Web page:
But we think there are good reasons to speak up as well and continue the discussion. On Twitter or other public (or privately-owned but sorta-public-acting) sites like Facebook, there are a lot more readers than there are speakers. And for a lot of people learning about scenes, or choosing where to get involved, the kinds of conversations that are visible are what shape who chooses to get involved. So alongside the possibility of sharing with the people in the debate or discussion, there is everything you communicate to the lurkers, to the readers, to the new faces, or those who have been silent up until now.

Since bent and Ripley, like so many others are “committed to resisting negative forces such as racism, misogyny, and homophobia in social spaces like dances, clubs, and bars” one way of doing that is to enter into the public debate and try to change its terms, to carve out a space for clearer language about what we’re really interested in — so many people get hung up on fake conflicts like thinking vs. dancing, or smart vs. fun/raw/sexy. But the existence of so many slamming parties and djs and producers and rappers who do it ALL (props to iBomba, Azucar, Maracuyeah!, Anthology of Booty, Cupcake Collective, Hey Queen, Precolumbian, Rizzla, D’hana, Le1f, Venus X, Chief Boima, and other Dutty Artz folks to name just a few) proves them wrong.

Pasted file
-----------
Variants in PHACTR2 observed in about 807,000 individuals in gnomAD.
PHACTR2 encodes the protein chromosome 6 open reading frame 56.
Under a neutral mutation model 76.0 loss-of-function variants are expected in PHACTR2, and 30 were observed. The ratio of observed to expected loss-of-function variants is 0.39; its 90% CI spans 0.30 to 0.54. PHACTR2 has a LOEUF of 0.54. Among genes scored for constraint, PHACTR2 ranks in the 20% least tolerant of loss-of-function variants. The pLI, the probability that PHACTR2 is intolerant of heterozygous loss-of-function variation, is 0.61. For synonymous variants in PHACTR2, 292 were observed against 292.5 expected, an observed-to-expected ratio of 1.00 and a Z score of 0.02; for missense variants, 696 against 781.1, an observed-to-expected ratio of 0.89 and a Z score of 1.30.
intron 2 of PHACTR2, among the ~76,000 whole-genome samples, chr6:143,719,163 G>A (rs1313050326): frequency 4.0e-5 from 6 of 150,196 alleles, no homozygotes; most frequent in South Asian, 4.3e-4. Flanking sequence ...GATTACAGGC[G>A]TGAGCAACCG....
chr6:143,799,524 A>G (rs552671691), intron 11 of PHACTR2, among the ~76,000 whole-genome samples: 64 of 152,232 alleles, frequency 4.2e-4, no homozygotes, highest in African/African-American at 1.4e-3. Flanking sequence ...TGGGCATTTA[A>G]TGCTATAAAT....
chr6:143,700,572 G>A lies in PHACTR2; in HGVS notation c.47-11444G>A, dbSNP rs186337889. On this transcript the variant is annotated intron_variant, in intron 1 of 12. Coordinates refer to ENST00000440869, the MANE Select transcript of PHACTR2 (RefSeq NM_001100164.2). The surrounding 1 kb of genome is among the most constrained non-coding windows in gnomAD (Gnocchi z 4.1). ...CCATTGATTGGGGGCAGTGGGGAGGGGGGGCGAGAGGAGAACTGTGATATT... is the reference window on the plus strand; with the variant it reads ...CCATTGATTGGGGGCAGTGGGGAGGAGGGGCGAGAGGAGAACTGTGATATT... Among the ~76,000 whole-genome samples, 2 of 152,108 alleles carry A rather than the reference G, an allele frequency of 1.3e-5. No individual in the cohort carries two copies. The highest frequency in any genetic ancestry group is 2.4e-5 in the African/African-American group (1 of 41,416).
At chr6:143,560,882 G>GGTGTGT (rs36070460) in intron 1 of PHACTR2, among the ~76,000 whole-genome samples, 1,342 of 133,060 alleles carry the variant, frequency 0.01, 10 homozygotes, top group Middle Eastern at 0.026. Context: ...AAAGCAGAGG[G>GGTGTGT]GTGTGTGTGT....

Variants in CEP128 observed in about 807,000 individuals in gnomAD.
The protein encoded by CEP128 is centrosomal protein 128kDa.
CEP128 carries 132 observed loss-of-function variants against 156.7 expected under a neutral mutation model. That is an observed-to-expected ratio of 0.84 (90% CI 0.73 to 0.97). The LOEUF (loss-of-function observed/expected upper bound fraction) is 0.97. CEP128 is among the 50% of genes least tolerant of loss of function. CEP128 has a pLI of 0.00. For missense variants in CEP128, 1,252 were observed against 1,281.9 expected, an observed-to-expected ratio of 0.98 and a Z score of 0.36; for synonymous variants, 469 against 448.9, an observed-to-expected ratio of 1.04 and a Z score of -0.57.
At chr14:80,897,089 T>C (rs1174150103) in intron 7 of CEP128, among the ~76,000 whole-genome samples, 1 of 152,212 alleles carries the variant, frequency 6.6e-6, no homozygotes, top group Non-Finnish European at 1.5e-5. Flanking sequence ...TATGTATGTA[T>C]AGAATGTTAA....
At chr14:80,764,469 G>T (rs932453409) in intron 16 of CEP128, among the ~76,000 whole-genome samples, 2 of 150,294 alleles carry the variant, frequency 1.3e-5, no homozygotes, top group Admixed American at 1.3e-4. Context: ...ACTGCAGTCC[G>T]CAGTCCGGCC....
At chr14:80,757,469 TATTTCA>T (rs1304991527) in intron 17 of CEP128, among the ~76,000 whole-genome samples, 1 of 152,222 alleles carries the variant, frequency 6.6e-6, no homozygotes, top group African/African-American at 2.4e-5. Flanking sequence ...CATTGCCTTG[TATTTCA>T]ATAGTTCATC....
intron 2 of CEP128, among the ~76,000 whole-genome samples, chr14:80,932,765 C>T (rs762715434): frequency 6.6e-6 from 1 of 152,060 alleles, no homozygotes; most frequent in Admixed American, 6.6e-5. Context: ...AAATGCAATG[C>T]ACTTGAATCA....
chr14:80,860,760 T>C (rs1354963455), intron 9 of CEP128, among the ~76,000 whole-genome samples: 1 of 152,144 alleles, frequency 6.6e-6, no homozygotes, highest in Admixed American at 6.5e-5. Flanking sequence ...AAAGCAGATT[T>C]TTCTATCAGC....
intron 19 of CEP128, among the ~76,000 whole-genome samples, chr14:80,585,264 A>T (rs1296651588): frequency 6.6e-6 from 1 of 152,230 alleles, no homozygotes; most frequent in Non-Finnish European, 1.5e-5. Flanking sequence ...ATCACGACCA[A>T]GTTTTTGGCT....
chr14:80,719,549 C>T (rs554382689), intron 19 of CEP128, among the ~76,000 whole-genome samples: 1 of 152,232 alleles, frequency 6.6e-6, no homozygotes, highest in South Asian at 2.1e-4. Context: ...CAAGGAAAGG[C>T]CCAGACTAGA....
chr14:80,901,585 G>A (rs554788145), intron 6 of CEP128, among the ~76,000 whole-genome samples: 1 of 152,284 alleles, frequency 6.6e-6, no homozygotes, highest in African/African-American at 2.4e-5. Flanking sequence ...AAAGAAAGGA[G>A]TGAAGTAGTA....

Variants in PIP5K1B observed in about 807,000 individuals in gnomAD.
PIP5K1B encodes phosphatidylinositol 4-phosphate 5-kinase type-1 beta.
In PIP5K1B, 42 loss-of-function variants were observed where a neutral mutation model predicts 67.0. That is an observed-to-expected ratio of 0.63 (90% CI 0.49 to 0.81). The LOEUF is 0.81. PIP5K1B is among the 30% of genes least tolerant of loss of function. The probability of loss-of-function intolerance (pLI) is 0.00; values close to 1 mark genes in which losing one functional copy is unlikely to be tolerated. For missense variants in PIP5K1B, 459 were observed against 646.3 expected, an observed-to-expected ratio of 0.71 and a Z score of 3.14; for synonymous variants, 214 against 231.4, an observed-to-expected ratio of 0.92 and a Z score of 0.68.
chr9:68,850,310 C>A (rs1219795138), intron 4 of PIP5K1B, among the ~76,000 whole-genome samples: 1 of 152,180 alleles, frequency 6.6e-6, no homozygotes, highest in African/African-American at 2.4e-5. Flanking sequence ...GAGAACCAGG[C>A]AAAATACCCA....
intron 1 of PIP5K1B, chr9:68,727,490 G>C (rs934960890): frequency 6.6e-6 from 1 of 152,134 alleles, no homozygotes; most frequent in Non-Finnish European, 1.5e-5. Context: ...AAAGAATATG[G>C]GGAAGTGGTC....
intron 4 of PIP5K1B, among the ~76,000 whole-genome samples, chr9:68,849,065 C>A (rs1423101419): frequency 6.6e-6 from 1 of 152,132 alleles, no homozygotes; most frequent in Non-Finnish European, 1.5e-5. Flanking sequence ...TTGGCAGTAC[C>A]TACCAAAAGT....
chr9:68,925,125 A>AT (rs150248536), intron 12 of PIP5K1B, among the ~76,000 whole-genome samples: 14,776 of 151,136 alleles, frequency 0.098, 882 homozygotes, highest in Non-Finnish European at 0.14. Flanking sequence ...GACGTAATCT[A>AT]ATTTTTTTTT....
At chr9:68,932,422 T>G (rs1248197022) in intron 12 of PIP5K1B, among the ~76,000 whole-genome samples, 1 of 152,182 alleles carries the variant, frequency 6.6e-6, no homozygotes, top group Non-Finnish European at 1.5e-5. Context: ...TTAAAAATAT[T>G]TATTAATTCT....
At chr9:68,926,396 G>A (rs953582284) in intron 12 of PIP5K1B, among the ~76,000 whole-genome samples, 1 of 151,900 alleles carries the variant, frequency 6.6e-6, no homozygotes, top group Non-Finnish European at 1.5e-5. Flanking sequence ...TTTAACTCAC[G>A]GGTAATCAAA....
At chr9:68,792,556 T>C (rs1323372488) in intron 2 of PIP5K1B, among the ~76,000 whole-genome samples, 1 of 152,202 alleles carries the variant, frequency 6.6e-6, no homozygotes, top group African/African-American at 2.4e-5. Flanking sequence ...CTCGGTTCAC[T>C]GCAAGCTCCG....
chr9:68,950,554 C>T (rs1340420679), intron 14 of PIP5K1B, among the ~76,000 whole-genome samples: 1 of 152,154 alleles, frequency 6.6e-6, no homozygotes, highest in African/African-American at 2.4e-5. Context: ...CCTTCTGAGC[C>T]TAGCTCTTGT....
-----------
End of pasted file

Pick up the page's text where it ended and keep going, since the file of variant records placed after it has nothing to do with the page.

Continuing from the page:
And another side effect of speaking out is that then people who are onto the same stuff can see you — for every grumpy naysayer in public on Twitter or YouTube comments there are ten emails, txts, DMs, or even just silent nods plus a bit more inspiration to carry on in the beautiful struggle!